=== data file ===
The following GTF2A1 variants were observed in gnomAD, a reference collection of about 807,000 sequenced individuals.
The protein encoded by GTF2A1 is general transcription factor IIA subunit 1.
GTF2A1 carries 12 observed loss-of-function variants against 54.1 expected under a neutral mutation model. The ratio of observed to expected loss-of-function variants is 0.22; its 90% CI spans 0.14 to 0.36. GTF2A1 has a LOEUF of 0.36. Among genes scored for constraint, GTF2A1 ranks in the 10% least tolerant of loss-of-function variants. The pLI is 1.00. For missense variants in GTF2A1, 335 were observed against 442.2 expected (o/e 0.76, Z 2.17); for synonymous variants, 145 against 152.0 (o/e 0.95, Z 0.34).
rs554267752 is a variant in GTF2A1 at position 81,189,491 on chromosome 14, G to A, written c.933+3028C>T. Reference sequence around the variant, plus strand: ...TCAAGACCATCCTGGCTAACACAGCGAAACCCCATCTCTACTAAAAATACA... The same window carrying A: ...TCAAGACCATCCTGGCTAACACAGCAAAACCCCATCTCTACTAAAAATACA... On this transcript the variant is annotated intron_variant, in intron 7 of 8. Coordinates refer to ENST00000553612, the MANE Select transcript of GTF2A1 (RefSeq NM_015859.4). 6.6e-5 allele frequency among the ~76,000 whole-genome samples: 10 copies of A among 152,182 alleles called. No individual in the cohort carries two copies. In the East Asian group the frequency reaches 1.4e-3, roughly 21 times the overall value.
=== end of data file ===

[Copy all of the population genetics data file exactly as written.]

The following GTF2A1 variants were observed in gnomAD, a reference collection of about 807,000 sequenced individuals.
The protein encoded by GTF2A1 is general transcription factor IIA subunit 1.
GTF2A1 carries 12 observed loss-of-function variants against 54.1 expected under a neutral mutation model. The ratio of observed to expected loss-of-function variants is 0.22; its 90% CI spans 0.14 to 0.36. GTF2A1 has a LOEUF of 0.36. Among genes scored for constraint, GTF2A1 ranks in the 10% least tolerant of loss-of-function variants. The pLI is 1.00. For missense variants in GTF2A1, 335 were observed against 442.2 expected (o/e 0.76, Z 2.17); for synonymous variants, 145 against 152.0 (o/e 0.95, Z 0.34).
rs554267752 is a variant in GTF2A1 at position 81,189,491 on chromosome 14, G to A, written c.933+3028C>T. Reference sequence around the variant, plus strand: ...TCAAGACCATCCTGGCTAACACAGCGAAACCCCATCTCTACTAAAAATACA... The same window carrying A: ...TCAAGACCATCCTGGCTAACACAGCAAAACCCCATCTCTACTAAAAATACA... On this transcript the variant is annotated intron_variant, in intron 7 of 8. Coordinates refer to ENST00000553612, the MANE Select transcript of GTF2A1 (RefSeq NM_015859.4). 6.6e-5 allele frequency among the ~76,000 whole-genome samples: 10 copies of A among 152,182 alleles called. No individual in the cohort carries two copies. In the East Asian group the frequency reaches 1.4e-3, roughly 21 times the overall value.